“But the central problem is that the BBC is a public service broadcaster, funded by the public, and we are Not Allowed To Lie… I’ll lie all I like if it safeguards the stories we’re telling. They can’t stop me. But there’s little point when [BBC director general] Peter Fincham has to tell the truth.”
Meanwhile, Tennant was consistently dogged by false rumours that he was quitting for more or less the whole time he was in the role. These stories have proliferated with subsequent Doctors too. In the end, it was impressive that they ultimately managed to keep his proper departure a secret up until he accepted the National Television Award for Best Actor in 2008, and announced he was leaving live on ITV1.
There aren’t many heroes is the entrepreneurial fan who claimed on the letters page of Doctor Who Magazine that they falsely tipped the Sun that Woody Allen would play Albert Einstein in Voyage Of The Damned. They paid for it and printed it as “Woody Alien” and the fake news tipster pocketed a couple of hundred quid for observing a booming market of bullshit.
The Eleventh Doctor
Tennant is undoubtedly the most popular Doctor of the modern era and the search for his successor was a hot topic in the time before Matt Smith’s casting was announced, especially as the 2008 Christmas special The Next Doctor teased that David Morrissey would be the next incarnation in all of the promotional materials.
Nevertheless, in one of our favourite bits of nonsense, the People reported that none other than DoG favourite Jason Statham was the top choice for the role.
“It will be Doctor Who meets gangland,” said the People‘s ubiquitous insider. “He will do a lot more thinking with his fists and will be a sure-fire winner with the ladies… Doctor Who is still seen as a bit geeky but Jason will add sex appeal and give the character a more dangerous edge.”
Aside from Steven Moffat’s first full series of Doctor Who, 2010 also saw the first series of Sherlock, which was an instant hit with audiences in the traditionally quiet summer season. Ever since, fans and entertainment journalists alike have speculated about the possibility of a crossover between the Doctor and Benedict Cumberbatch’s Holmes.
Cumberbatch was also in the frame to play either the Doctor or the Master at various points, but the actor has since clarified that he wasn’t ready for such a commitment (“I didn’t really the whole package – being on school lunchboxes”) at the time.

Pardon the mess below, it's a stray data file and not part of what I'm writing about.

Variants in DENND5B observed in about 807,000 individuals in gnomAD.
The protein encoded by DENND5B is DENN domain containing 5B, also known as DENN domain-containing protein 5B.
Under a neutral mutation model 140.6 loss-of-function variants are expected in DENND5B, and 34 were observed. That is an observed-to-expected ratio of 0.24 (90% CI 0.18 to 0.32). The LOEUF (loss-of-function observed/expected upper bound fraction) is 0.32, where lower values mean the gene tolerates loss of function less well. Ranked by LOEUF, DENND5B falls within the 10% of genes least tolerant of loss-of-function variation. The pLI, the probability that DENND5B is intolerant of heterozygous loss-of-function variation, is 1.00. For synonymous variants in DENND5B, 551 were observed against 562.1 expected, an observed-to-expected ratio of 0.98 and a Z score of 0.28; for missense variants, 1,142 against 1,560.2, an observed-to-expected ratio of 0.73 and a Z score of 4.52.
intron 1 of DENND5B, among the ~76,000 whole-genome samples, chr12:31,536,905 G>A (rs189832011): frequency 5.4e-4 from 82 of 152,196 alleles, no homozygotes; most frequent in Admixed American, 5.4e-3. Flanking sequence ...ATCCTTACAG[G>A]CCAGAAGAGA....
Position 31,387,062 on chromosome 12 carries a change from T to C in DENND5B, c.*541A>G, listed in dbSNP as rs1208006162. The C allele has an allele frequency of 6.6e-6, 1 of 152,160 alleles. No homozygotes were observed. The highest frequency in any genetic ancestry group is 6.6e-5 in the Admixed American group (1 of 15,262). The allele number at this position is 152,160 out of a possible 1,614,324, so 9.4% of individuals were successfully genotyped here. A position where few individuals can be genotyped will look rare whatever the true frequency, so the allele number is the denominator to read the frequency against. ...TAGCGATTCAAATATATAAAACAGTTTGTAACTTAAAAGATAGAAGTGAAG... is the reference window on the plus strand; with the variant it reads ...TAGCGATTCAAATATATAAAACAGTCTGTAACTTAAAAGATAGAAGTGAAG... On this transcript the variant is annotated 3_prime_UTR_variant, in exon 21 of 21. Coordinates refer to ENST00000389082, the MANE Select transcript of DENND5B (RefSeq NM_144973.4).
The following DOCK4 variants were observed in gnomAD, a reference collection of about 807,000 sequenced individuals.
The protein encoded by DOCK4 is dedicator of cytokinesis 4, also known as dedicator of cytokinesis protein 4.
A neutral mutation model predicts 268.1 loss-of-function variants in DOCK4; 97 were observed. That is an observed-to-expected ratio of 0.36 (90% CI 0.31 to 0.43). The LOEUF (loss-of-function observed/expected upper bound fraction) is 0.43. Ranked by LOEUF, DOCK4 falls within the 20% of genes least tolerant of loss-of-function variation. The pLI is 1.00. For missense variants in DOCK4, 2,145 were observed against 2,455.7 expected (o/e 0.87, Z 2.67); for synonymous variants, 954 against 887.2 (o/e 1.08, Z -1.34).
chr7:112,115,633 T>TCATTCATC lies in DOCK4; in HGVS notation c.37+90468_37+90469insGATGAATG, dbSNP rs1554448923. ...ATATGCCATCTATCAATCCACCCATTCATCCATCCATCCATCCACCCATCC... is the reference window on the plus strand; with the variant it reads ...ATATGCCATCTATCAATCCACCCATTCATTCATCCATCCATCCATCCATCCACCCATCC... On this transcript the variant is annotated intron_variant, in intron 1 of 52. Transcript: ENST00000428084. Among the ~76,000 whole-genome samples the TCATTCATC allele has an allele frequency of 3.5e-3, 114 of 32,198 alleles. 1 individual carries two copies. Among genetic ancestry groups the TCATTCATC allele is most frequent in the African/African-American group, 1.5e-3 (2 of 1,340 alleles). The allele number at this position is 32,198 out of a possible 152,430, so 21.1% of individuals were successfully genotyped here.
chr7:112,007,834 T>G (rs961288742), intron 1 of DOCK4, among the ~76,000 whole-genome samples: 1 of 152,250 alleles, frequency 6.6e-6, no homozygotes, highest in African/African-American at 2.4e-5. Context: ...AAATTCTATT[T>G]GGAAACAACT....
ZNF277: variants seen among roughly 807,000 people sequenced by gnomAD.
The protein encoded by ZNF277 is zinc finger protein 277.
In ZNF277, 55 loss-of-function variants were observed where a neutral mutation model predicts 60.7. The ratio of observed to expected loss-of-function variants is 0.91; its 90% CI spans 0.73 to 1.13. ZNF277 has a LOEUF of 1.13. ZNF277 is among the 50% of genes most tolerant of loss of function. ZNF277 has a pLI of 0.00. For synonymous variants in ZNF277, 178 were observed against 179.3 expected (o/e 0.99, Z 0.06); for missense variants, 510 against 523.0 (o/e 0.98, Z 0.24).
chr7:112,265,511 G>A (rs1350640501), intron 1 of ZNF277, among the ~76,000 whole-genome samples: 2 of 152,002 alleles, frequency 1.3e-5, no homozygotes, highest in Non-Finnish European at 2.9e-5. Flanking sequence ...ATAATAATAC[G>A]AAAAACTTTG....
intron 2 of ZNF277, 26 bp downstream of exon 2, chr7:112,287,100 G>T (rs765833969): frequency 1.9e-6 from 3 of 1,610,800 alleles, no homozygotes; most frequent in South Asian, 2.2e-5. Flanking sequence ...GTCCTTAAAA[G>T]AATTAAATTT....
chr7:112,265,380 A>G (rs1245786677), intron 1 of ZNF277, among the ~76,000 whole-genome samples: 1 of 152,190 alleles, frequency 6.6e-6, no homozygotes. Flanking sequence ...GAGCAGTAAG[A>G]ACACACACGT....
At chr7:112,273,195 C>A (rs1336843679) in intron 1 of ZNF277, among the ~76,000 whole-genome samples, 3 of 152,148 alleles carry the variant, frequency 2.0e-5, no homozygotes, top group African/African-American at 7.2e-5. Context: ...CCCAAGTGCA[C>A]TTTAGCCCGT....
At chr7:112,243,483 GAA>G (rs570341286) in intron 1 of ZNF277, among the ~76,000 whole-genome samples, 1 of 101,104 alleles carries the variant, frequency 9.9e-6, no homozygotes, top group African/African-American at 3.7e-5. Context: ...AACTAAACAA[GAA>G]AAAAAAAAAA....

The rumours of a movie version reared their head as well, thanks to an ill-advised quote from Harry Potter director David Yates. On the red carpet, Yates said he was going to make a Doctor Who movie with “a radical transformation” of the property, without asking anybody at BBC Wales first. Despite staunch denials all around, the tabloid press bandied around casting suggestions like Johnny Depp and Robert Carlyle for a few months thereafter.
The Sun‘s Dalek made a comeback too, when the BBC put out a call for old Dalek props for use in the episode Asylum Of The Daleks. Naturally, they ran a story about how the Beeb didn’t have the budget for their own Dalek, so the paper would selflessly be stepping up again.
It feels like there were fewer story leaks ahead of time through Matt Smith’s run, particularly where the 50th anniversary special The Day Of The Doctor had plenty of surprises that could have been spoiled in advance. But then again, there were those of us who remembered stuff like “Chris Evans IS Satan” and discounted the early reports that A Christmas Carol would have the Doctor face off against flying sharks, but that’s why it’s worth remembering that not all of these reports are frivolous.
The Twelfth Doctor
Looking back on the speculation over the Twelfth Doctor, the frontrunners in the conversation were Rory Kinnear and Ben Daniels, with the former eventually ruling himself out in an interview with the Independent, admitting he had never watched an episode. There were plenty of thinkpieces about casting a female Doctor too. There was nothing to match the glory of the Statham story from last time, but the Star might have hit a new low in their front page splash about Paris Jackson, Michael’s daughter.